How to Survive the New Depression
Posted by jonathan on 9/18/08 ē Categorized as austerity, banking, making money, money, personal finance, saving
Photo Courtesy of Improv Everywhere
It appears weíre on the verge of a new Great Depression. Unemployment is up, wages are stagnant, inflation is up, major corporations and banks are collapsing left and right. There hasnít been this much instability in the international economy since the Great Depression.
The old Boy Scout motto is ĎBe PreparedĒ and thatís a great creed to live by. Nothing in life is guaranteed.
So, how can you prepare for this?
The people responsible for this mess arenít losing any sleep, neither should you. Things may be getting bad, but theyíll only get better. The nature of the capitalist systems is a series of up and downs. Bad fiscal management by the Federal Government and the Federal Reserve has smoothed out the grooves for the past 30 years or so, the problem is that you CANíT get rid of the ups and downs. Thatís just not the way it works. Thatís why itís important to prepare for the valleys just as much as the peaks.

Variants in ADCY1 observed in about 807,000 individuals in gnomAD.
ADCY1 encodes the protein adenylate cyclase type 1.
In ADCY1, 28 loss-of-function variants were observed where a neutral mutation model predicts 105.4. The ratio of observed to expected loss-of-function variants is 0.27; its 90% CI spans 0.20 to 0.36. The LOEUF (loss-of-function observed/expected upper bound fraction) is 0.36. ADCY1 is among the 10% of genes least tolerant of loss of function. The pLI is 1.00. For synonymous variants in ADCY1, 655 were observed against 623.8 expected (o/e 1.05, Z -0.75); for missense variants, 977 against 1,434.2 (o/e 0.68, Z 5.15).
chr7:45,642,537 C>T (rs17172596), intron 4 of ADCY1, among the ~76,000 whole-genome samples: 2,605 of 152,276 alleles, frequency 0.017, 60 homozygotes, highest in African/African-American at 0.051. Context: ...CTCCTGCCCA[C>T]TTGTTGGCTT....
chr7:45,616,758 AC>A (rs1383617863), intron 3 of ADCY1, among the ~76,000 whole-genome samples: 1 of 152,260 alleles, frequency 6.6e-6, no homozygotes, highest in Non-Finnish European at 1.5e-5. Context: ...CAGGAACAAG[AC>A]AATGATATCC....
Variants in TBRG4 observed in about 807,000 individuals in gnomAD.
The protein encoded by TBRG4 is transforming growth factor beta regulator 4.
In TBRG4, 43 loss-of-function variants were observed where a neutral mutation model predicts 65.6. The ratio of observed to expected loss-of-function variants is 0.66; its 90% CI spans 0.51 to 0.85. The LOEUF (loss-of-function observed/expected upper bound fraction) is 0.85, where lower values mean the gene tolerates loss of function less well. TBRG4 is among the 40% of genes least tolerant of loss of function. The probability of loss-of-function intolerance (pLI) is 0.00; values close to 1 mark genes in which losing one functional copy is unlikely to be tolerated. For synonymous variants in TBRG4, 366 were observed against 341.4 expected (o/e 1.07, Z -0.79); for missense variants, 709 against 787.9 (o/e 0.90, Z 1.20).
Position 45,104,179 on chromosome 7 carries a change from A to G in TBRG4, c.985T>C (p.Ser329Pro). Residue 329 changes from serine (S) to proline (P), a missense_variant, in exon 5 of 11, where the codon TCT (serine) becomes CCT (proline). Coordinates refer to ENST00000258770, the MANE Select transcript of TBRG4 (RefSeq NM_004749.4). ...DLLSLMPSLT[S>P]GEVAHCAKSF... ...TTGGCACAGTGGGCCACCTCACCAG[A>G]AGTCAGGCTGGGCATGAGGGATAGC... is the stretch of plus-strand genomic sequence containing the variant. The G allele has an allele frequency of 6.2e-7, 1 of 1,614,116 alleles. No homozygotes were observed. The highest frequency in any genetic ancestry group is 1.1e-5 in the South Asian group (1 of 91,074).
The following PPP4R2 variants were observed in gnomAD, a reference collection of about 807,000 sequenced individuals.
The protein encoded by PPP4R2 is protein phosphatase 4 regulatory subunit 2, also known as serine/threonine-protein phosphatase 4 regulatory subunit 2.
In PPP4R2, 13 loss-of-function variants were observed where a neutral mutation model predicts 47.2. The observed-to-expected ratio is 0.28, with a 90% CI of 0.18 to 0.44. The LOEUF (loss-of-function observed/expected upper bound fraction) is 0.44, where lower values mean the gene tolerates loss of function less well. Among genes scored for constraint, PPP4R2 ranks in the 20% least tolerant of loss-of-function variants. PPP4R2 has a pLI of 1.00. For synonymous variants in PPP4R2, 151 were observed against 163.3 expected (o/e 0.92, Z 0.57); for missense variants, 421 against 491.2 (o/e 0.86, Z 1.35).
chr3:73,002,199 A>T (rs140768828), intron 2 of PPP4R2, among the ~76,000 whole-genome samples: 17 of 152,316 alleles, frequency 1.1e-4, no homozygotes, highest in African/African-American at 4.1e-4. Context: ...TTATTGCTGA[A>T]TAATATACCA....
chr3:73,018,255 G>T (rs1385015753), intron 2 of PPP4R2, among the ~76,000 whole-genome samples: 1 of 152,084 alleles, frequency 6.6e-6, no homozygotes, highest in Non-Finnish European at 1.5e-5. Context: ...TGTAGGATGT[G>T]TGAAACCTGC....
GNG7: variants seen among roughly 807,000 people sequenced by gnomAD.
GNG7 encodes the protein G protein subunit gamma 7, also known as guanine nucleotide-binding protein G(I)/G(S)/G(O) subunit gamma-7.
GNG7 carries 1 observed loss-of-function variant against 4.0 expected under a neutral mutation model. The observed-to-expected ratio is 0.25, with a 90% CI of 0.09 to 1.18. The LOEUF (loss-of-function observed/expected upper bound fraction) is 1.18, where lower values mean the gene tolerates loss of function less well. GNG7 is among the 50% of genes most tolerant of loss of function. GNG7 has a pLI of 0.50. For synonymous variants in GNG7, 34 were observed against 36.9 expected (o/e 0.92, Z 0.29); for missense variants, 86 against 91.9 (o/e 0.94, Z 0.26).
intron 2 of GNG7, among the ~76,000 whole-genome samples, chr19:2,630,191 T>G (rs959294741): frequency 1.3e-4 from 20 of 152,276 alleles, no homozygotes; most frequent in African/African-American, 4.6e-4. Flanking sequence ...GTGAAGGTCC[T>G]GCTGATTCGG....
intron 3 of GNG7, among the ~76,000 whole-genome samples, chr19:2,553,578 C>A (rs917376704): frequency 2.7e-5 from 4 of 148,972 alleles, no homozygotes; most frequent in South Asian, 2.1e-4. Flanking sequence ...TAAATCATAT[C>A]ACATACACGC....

Your money is generally safe in a bank. You should be monitoring the financial health for your bank. Since most banks are publicly traded, this information is freely available. Donít trust that the bank will always be there. Many banks have failed already. Luckily the FDIC has your deposits insured up to $100,000.
So, what if you have more than $100,000 cash in the bank? First, you shouldnít have that much money in a savings or checking account to begin with. If youíre truly investing your money, passbook accounts are terrible places to keep your money. Your money should be invested in mutual funds, retirement funds, bonds, etc. So, what if you do have more than that in the bank anyway? Split it up, there is nothing to prevent you from spreading your cash around to several different banks. That way youíre completely protected.
If youíre completely disgusted by the banking system, like my wife and I, you donít have to continue participating in it. Join a local credit union. Youíll have more of a say in how your money is handled. Credit Unions are not for profit, so they wonít be consolidating and joining bigger banks and then making stupid multi-billion dollar investments that will bring down the economy. Credit, above all things, are local, which is great. Credit Unions can also get you a car loan, mortgage and other products. Your money is also insured by the Federal Government under a separate insurance program as the FDIC.